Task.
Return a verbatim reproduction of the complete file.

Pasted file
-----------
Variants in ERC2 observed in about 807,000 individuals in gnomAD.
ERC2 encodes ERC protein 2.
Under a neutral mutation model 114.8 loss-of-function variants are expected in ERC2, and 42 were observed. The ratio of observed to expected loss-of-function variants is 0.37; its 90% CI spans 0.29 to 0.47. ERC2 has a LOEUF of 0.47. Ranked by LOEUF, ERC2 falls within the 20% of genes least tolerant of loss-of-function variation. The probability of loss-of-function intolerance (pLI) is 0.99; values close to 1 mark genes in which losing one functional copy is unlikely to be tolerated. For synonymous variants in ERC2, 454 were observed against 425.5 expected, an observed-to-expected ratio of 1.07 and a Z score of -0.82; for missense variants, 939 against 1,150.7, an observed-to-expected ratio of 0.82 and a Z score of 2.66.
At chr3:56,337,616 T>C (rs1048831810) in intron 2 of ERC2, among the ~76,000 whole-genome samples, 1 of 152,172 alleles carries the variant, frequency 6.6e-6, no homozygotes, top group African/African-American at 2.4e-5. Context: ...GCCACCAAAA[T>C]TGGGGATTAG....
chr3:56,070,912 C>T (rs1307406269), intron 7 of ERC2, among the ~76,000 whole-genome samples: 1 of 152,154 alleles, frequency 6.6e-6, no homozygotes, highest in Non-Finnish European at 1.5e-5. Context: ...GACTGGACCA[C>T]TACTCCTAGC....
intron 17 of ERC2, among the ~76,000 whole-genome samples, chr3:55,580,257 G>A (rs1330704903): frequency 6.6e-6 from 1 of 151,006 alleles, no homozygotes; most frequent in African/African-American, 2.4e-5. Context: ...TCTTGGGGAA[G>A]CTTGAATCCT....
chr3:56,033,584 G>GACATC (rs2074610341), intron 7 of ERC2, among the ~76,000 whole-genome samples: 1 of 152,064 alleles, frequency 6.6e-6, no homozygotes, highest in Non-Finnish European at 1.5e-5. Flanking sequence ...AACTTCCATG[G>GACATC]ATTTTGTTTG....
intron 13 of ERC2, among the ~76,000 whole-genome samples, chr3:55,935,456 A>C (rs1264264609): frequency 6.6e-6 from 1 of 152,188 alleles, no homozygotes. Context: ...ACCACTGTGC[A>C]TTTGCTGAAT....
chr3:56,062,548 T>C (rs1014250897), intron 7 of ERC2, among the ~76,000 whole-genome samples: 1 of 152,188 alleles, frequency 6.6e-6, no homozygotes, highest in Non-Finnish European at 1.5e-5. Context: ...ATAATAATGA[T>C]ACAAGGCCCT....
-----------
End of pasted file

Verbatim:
Variants in ERC2 observed in about 807,000 individuals in gnomAD.
ERC2 encodes ERC protein 2.
Under a neutral mutation model 114.8 loss-of-function variants are expected in ERC2, and 42 were observed. The ratio of observed to expected loss-of-function variants is 0.37; its 90% CI spans 0.29 to 0.47. ERC2 has a LOEUF of 0.47. Ranked by LOEUF, ERC2 falls within the 20% of genes least tolerant of loss-of-function variation. The probability of loss-of-function intolerance (pLI) is 0.99; values close to 1 mark genes in which losing one functional copy is unlikely to be tolerated. For synonymous variants in ERC2, 454 were observed against 425.5 expected, an observed-to-expected ratio of 1.07 and a Z score of -0.82; for missense variants, 939 against 1,150.7, an observed-to-expected ratio of 0.82 and a Z score of 2.66.
At chr3:56,337,616 T>C (rs1048831810) in intron 2 of ERC2, among the ~76,000 whole-genome samples, 1 of 152,172 alleles carries the variant, frequency 6.6e-6, no homozygotes, top group African/African-American at 2.4e-5. Context: ...GCCACCAAAA[T>C]TGGGGATTAG....
chr3:56,070,912 C>T (rs1307406269), intron 7 of ERC2, among the ~76,000 whole-genome samples: 1 of 152,154 alleles, frequency 6.6e-6, no homozygotes, highest in Non-Finnish European at 1.5e-5. Context: ...GACTGGACCA[C>T]TACTCCTAGC....
intron 17 of ERC2, among the ~76,000 whole-genome samples, chr3:55,580,257 G>A (rs1330704903): frequency 6.6e-6 from 1 of 151,006 alleles, no homozygotes; most frequent in African/African-American, 2.4e-5. Context: ...TCTTGGGGAA[G>A]CTTGAATCCT....
chr3:56,033,584 G>GACATC (rs2074610341), intron 7 of ERC2, among the ~76,000 whole-genome samples: 1 of 152,064 alleles, frequency 6.6e-6, no homozygotes, highest in Non-Finnish European at 1.5e-5. Flanking sequence ...AACTTCCATG[G>GACATC]ATTTTGTTTG....
intron 13 of ERC2, among the ~76,000 whole-genome samples, chr3:55,935,456 A>C (rs1264264609): frequency 6.6e-6 from 1 of 152,188 alleles, no homozygotes. Context: ...ACCACTGTGC[A>C]TTTGCTGAAT....
chr3:56,062,548 T>C (rs1014250897), intron 7 of ERC2, among the ~76,000 whole-genome samples: 1 of 152,188 alleles, frequency 6.6e-6, no homozygotes, highest in Non-Finnish European at 1.5e-5. Context: ...ATAATAATGA[T>C]ACAAGGCCCT....